How to Deal with a Difficult Patient

Written by: Roger P. Levin, DDS
practice management, customer service


Even if you have a practice with 5-star customer service, you’ll still encounter patients who are deemed difficult—individuals who simply don’t cooperate in some way, shape, or form. Dealing with difficult patients can upset the staff, send negative reverberations throughout the practice, cause stress and frustration, and even lead to a loss of revenue due to their behaviors and the time needed to address them.

practice management

Here are 4 steps for effectively dealing with difficult patients:

  1. Maintain Your Composure: The first step in handling a difficult patient is not to let it bother you. While this may sound easier said than done, it’s essential not to internalize the difficult patient’s behavior or comments. Instead of being shocked or surprised, expect occasional encounters with challenging patients. Try viewing it as a challenge or game to be won – find ways to relieve stress and possibly satisfy the patient.
  2. Seek Understanding: Be curious enough to try to figure out why the patient is being difficult. Initially, it’s natural to perceive the patient as unfair, ridiculous, or annoying. However, there is usually an underlying reason that triggers the difficult behavior. It could be a minor inconvenience, financial concerns, personal preferences, or discomfort with a team member. Taking a moment to understand the root cause of their behavior can help you find a solution.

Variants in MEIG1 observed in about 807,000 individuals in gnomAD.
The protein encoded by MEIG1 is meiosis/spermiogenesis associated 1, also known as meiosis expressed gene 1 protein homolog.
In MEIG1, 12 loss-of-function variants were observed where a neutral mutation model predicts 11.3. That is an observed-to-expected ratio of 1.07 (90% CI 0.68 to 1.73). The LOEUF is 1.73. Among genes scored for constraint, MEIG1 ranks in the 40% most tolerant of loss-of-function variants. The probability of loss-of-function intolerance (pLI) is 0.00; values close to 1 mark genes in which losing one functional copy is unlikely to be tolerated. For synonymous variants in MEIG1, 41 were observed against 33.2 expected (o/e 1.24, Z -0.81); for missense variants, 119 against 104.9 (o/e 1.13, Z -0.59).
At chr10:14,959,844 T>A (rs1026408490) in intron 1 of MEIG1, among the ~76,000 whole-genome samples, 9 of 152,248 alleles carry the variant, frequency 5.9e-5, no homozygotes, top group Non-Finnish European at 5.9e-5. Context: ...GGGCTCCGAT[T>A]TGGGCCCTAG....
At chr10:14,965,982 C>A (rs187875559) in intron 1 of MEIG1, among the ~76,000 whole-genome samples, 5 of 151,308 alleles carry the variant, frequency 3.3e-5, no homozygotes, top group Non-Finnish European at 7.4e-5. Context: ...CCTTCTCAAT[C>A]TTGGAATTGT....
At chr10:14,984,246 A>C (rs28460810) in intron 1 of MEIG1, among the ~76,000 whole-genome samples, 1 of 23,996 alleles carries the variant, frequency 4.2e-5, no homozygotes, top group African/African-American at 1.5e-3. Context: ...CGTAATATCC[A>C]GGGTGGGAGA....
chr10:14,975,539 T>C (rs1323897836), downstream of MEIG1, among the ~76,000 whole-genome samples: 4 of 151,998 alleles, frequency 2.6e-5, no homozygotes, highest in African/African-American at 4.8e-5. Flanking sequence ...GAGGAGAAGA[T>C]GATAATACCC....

3. Ask for Feedback: Engage the patient by asking how you can make their experience better. This approach often disarms difficult patients because they may not expect someone to genuinely listen to their concerns. By simply asking what could enhance their appointment’s comfort, convenience, or enjoyment, you demonstrate a willingness to address their needs. This can help move the patient back into rational and logical behavior.
  4. Offer Reasonable Solutions: Determine if the patient’s request or concern can be reasonably addressed. In some situations, offering a simple solution can alleviate the patient’s dissatisfaction. For instance, a restaurant might offer a free dessert to appease a customer unhappy with service. Similarly, in a dental setting, finding a practical solution, such as scheduling the patient for the first appointment of the day to avoid delays, can resolve their issue. Often, acknowledging the problem and taking steps to rectify it can significantly improve the patient’s attitude.

Dealing with difficult patients can be disruptive and challenging. They can create stress, tension, conflict, financial losses, and disrupt the practice’s daily operations. Following the general guidelines mentioned above can help you manage and satisfy most difficult patients effectively. However, in rare cases, you may need to consider whether it’s in the practice’s best interest to continue serving an extremely challenging patient.

Ultimately, the goal is to equip your team with the tools and principles to handle difficult patients professionally and skillfully, ensuring the best possible experience for both the patient and the practice.


Roger P. Levin, DDS, is the CEO and founder of Levin Group, a leading practice management consulting firm that has worked with over 30,000 clients to increase production. A recognized expert on dental practice management and marketing, he has written more than 60 books and over 4,000 articles and regularly presents seminars in the U.S. and around the world.

To contact Dr. Levin or to join the 40,000 dental professionals who receive his Practice Production Tip of the Day, visit or email

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